Graduation Year

2016

Date of Submission

12-2015

Document Type

Campus Only Senior Thesis

Degree Name

Bachelor of Arts

Department

Environment, Economics, and Politics (EEP)

Reader 1

William Ascher

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© 2015 Kelsey L Heflin

Abstract

California is headed into its fifth consecutive year of drought, and climate change is expected to bring more frequent and severe droughts to the state. The state’s water supply is susceptible to drought as seen from the effects of the current dry period. Besides the clear impacts of drought, there are less obvious environmental, economic, and social costs, such as land subsidence from groundwater overdraft, and the consequences of urban tree and green space loss. As a uniquely climate-independent source, desalinated water can stabilize California’s water supply and lessen some of these drought-related impacts. Although seawater desalination is touted as the most costly and energy-intensive method for augmenting water supply, if implemented in a feasible manner, the technology provides a range of positive benefits for drought-prone California in the long term.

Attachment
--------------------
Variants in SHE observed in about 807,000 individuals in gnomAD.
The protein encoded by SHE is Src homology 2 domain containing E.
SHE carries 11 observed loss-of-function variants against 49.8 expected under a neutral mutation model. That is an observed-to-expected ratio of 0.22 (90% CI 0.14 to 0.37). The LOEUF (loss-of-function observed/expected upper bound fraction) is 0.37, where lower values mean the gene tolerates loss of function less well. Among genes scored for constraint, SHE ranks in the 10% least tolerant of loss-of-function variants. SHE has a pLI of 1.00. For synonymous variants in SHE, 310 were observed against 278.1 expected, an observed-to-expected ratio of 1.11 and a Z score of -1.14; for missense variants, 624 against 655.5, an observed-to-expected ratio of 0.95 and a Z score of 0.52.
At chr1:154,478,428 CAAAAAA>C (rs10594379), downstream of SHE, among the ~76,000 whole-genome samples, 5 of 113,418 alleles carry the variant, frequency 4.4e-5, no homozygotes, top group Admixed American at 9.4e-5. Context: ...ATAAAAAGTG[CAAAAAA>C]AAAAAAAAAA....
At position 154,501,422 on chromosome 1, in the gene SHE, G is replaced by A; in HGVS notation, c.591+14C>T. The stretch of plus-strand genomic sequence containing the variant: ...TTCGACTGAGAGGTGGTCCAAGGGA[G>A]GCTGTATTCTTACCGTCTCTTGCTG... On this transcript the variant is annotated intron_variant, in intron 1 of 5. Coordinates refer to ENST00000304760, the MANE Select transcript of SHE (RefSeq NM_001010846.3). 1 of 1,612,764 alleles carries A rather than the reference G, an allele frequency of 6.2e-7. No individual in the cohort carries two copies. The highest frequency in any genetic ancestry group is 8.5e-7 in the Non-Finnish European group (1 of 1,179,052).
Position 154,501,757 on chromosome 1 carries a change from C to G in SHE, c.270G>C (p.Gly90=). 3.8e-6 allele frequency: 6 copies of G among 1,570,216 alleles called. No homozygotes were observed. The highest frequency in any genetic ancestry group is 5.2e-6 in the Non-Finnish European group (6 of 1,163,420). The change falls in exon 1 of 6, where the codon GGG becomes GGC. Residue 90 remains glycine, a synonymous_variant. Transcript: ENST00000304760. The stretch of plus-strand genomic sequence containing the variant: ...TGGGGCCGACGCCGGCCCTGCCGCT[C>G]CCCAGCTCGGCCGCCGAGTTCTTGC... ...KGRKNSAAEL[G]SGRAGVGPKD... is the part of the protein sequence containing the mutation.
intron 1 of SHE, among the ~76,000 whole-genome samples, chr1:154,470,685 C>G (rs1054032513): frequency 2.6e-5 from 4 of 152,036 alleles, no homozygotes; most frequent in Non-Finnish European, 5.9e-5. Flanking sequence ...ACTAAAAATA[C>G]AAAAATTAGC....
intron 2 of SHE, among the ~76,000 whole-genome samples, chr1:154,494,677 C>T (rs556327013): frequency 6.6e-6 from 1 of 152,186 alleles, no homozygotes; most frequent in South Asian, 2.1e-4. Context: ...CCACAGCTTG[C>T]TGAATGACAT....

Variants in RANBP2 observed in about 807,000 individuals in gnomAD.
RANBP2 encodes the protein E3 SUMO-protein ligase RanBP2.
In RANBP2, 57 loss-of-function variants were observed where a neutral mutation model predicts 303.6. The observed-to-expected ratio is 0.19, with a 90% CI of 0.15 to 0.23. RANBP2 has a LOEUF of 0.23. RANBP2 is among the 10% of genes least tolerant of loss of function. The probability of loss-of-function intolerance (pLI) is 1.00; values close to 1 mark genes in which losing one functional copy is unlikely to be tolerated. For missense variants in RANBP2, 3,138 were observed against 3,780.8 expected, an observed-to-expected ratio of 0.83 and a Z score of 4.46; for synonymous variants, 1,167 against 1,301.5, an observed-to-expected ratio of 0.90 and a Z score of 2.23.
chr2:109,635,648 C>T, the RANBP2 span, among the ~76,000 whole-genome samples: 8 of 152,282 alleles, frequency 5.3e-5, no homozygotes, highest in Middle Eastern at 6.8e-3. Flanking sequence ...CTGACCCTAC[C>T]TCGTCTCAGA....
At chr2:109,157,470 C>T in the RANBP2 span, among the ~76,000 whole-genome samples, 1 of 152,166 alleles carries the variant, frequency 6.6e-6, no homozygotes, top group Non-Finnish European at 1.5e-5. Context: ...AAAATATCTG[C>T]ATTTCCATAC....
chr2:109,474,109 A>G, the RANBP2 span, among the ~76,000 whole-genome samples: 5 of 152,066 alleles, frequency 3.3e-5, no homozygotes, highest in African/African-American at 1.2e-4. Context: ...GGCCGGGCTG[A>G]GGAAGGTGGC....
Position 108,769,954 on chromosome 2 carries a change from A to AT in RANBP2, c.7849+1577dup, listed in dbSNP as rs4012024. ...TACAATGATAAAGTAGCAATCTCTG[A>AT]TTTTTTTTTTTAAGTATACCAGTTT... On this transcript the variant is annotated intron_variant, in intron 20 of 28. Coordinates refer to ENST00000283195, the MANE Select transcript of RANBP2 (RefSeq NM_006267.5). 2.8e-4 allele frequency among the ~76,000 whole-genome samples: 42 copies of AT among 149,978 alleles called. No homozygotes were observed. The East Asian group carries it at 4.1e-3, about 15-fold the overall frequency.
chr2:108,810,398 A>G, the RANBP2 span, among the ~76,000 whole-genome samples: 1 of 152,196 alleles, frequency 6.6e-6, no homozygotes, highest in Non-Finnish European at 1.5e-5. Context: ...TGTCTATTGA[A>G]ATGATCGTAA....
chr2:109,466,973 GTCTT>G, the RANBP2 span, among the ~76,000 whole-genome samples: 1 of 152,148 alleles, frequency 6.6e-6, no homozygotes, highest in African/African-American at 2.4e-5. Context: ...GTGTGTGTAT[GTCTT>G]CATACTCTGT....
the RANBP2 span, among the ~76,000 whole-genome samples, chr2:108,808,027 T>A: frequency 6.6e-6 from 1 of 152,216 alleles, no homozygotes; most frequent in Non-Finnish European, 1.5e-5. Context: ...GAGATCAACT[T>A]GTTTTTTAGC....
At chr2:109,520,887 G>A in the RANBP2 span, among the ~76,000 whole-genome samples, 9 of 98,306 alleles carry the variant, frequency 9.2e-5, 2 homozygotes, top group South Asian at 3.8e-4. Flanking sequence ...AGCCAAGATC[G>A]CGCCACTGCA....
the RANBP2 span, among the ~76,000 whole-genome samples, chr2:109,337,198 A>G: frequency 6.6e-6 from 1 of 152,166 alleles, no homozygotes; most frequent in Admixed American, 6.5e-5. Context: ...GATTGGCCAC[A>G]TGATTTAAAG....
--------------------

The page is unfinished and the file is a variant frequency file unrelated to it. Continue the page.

This thesis analyzes the economic and environmental costs of using desalination to mitigate the effects of drought in California. The thesis explores both Australian and Californian desalination facilities as case studies for evaluating the benefits and impacts of using different methods of desalination, in an effort to determine which method would be the most beneficial for securing California’s water supply. It concludes that lower-capacity, flexible desalination facilities would be useful along California’s coast, under some conditions. By generating a supply of desalinated water for coastal communities, more water from the state and federal water projects could be redirected to agricultural regions and inland communities that suffer the most from dry spells, and thereby lessen a number of drought-related environmental, economic, and social consequences.

This thesis is restricted to the Claremont Colleges current faculty, students, and staff. It is not available for interlibrary loan. Please send a request for access through Contact Us.

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